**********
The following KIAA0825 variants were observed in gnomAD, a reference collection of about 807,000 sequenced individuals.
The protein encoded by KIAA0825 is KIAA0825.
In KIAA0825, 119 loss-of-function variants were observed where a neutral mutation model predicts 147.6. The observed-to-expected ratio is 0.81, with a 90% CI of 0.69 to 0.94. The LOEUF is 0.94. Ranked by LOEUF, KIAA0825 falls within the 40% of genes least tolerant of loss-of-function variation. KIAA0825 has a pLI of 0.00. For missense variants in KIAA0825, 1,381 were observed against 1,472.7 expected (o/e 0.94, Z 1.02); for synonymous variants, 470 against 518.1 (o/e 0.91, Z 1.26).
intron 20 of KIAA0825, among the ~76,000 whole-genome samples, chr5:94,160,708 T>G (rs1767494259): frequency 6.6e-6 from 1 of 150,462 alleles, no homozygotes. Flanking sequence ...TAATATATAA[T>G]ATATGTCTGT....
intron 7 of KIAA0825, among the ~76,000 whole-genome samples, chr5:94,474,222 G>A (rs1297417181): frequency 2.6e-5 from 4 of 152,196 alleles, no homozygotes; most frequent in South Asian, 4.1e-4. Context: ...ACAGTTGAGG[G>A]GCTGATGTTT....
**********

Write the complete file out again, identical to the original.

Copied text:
The following KIAA0825 variants were observed in gnomAD, a reference collection of about 807,000 sequenced individuals.
The protein encoded by KIAA0825 is KIAA0825.
In KIAA0825, 119 loss-of-function variants were observed where a neutral mutation model predicts 147.6. The observed-to-expected ratio is 0.81, with a 90% CI of 0.69 to 0.94. The LOEUF is 0.94. Ranked by LOEUF, KIAA0825 falls within the 40% of genes least tolerant of loss-of-function variation. KIAA0825 has a pLI of 0.00. For missense variants in KIAA0825, 1,381 were observed against 1,472.7 expected (o/e 0.94, Z 1.02); for synonymous variants, 470 against 518.1 (o/e 0.91, Z 1.26).
intron 20 of KIAA0825, among the ~76,000 whole-genome samples, chr5:94,160,708 T>G (rs1767494259): frequency 6.6e-6 from 1 of 150,462 alleles, no homozygotes. Flanking sequence ...TAATATATAA[T>G]ATATGTCTGT....
intron 7 of KIAA0825, among the ~76,000 whole-genome samples, chr5:94,474,222 G>A (rs1297417181): frequency 2.6e-5 from 4 of 152,196 alleles, no homozygotes; most frequent in South Asian, 4.1e-4. Context: ...ACAGTTGAGG[G>A]GCTGATGTTT....